Down Mill Lane was the village corn mill. Houses stood on the right hand side going from Main Street down the lane, to then probable site of the corn mill - some of the small buildings were converted into houses. All are now demolished, At the bottom of the lane was a row of 4 houses, known as Victoria Terrace, which stood obliquely and faced up the lane. In winter these were often flooded and marooned by flood waters of the pond, - a large area of water, stretching from Pit Lane to Mill Lane all along the back, ie. north, of Main Street.
Victoria House, facing south, was the last residential property down Mill Lane and is now actually 2 houses. This large property, as its name implies, was built in Victorian times for a doctor. The doctor and his family lived in the larger part of the house (to left of photo, two up and two lower windows and central doorway). The smaller part on the right was the doctor's surgery, patients' waiting room and servants' quarters.
The house was later occupied for many years by
colliery managers and under managers at the Savile Pit, the property having
been bought by Briggs the coal owners. The house was sold privately in the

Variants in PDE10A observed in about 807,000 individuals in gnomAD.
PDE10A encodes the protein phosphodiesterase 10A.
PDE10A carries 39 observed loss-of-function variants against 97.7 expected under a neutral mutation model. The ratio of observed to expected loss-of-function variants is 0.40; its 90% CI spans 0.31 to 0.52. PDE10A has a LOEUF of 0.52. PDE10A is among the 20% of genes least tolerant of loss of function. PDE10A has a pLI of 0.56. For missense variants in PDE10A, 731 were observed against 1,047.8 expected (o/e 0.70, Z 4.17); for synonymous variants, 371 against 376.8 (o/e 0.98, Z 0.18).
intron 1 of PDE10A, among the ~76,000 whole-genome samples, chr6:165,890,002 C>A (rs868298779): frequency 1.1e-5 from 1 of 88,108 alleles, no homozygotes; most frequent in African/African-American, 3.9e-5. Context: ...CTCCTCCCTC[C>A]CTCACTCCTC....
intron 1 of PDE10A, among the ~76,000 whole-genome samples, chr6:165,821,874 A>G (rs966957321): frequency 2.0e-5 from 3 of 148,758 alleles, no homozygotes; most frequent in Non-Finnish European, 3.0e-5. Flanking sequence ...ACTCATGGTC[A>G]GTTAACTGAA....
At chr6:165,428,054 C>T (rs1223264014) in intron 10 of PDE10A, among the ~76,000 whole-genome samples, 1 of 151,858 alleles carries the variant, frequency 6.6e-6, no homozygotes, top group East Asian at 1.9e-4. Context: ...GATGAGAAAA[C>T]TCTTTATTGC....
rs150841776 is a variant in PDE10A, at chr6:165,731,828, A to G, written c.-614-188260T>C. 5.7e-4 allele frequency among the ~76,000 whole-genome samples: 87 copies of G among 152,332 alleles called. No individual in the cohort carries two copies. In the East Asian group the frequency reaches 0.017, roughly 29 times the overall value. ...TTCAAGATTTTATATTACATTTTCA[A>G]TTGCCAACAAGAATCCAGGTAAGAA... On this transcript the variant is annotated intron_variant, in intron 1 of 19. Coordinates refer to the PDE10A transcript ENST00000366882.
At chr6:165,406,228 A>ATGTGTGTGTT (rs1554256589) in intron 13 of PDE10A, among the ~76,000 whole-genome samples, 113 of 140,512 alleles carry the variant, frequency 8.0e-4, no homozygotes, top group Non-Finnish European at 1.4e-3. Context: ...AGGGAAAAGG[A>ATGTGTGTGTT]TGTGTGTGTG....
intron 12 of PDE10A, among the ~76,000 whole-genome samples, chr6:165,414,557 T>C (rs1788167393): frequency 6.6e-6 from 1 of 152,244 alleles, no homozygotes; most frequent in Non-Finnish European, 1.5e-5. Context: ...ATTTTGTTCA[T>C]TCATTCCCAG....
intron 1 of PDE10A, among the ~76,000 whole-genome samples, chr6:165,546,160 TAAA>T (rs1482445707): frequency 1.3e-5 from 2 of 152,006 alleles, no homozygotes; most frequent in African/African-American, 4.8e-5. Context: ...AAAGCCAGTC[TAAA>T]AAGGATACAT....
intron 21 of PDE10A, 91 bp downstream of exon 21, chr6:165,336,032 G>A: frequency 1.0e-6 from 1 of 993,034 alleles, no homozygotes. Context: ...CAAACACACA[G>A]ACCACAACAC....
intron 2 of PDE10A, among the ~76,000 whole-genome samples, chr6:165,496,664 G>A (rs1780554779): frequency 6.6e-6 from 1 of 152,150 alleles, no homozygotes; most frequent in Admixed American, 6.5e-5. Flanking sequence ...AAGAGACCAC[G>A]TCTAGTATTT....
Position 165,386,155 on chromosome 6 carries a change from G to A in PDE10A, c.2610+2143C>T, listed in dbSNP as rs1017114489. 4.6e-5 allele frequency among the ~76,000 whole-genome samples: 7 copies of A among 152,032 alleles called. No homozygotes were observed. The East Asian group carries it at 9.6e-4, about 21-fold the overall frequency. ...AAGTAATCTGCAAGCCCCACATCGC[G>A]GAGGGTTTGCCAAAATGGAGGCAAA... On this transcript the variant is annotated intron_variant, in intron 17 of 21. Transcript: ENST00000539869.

It is said that Titus Salt, of Saltaire fame,wished to build his mill for the manufacture of mohair woollen cloth down Mill Lane and presumably his model village, in Methley. (Titus Salt came to live in Methley Hall in 1856 and stayed for 9 years). Coal, transport and water were readily available for his plans, but Mexboroughs refused their permission. Otherwise Methley might have become similar to Saltaire - where he later built - with rows of houses, church, schools, library, almshouses and hospital.
Thomas Atkinson, wheelwright, of Mill Lane died 1889.
Off-licence shop, Main Street, early 1900s
The end property of larger 3-storey houses in Denison Square, almost opposite the modern Butchers shop. Owned at the time of photo by Chatham family who are standing in doorway.